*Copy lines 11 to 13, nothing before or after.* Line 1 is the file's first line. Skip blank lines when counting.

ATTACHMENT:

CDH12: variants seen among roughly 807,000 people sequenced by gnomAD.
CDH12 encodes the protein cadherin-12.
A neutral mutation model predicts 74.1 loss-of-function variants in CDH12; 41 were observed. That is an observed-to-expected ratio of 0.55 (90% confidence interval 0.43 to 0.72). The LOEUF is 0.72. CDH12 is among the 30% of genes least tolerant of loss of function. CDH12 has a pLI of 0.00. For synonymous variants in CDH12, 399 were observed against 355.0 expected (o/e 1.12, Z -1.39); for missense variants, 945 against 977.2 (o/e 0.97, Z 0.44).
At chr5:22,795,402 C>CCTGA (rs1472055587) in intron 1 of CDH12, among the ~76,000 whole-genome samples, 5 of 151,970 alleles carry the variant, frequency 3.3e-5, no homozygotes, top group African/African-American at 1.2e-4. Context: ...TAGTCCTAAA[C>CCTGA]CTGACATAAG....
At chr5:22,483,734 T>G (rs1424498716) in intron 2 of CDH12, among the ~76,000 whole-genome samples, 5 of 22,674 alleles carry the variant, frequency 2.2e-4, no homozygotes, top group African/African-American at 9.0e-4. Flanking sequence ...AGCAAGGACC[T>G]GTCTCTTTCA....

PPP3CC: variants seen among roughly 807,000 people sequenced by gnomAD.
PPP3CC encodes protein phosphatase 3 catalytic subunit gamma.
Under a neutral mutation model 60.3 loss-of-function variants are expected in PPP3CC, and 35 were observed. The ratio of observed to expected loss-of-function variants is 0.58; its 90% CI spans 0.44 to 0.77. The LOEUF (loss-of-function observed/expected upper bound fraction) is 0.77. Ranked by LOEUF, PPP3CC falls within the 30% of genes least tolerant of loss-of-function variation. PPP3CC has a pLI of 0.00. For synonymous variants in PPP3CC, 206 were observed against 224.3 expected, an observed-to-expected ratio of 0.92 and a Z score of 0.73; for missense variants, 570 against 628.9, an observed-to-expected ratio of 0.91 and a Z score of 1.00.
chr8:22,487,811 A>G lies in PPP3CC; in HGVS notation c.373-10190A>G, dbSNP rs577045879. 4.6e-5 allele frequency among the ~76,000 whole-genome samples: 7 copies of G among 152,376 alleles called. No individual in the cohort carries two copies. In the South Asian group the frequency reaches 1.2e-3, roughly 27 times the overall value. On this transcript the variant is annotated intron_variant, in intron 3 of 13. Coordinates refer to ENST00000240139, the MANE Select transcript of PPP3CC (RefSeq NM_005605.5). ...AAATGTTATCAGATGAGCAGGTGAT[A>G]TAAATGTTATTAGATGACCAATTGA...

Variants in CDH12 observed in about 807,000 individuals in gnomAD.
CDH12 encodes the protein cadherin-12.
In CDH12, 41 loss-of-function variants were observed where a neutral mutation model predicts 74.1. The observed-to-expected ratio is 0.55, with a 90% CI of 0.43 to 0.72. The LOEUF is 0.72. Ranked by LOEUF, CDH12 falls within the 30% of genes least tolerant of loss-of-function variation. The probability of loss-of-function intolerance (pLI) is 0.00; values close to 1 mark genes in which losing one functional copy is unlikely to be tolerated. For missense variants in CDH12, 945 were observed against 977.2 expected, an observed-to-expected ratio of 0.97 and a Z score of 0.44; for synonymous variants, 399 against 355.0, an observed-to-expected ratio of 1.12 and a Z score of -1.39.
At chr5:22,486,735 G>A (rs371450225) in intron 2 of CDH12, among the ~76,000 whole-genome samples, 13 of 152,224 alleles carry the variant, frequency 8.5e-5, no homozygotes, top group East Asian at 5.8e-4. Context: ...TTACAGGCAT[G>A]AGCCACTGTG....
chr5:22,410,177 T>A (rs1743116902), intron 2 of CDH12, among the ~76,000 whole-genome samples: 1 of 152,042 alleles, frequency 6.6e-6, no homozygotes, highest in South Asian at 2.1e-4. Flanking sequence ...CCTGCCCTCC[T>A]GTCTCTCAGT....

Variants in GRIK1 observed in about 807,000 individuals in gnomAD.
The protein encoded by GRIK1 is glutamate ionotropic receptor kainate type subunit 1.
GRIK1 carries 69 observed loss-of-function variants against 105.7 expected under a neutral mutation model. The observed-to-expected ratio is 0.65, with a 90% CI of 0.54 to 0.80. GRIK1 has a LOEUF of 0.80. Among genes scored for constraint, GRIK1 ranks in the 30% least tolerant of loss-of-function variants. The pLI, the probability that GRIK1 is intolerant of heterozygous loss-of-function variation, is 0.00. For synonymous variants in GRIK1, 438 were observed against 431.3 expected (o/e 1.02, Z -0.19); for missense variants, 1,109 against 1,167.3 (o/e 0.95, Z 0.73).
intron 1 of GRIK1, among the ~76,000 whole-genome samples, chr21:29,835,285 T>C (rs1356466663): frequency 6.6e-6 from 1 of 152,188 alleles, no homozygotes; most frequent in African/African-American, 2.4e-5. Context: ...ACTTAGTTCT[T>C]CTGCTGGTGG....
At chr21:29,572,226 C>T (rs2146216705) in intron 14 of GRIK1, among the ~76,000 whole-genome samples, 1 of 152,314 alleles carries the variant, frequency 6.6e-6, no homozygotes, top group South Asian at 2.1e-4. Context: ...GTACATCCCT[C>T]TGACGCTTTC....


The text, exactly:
CDH12 encodes the protein cadherin-12.
In CDH12, 41 loss-of-function variants were observed where a neutral mutation model predicts 74.1. The observed-to-expected ratio is 0.55, with a 90% CI of 0.43 to 0.72. The LOEUF is 0.72. Ranked by LOEUF, CDH12 falls within the 30% of genes least tolerant of loss-of-function variation. The probability of loss-of-function intolerance (pLI) is 0.00; values close to 1 mark genes in which losing one functional copy is unlikely to be tolerated. For missense variants in CDH12, 945 were observed against 977.2 expected, an observed-to-expected ratio of 0.97 and a Z score of 0.44; for synonymous variants, 399 against 355.0, an observed-to-expected ratio of 1.12 and a Z score of -1.39.
At chr5:22,486,735 G>A (rs371450225) in intron 2 of CDH12, among the ~76,000 whole-genome samples, 13 of 152,224 alleles carry the variant, frequency 8.5e-5, no homozygotes, top group East Asian at 5.8e-4. Context: ...TTACAGGCAT[G>A]AGCCACTGTG....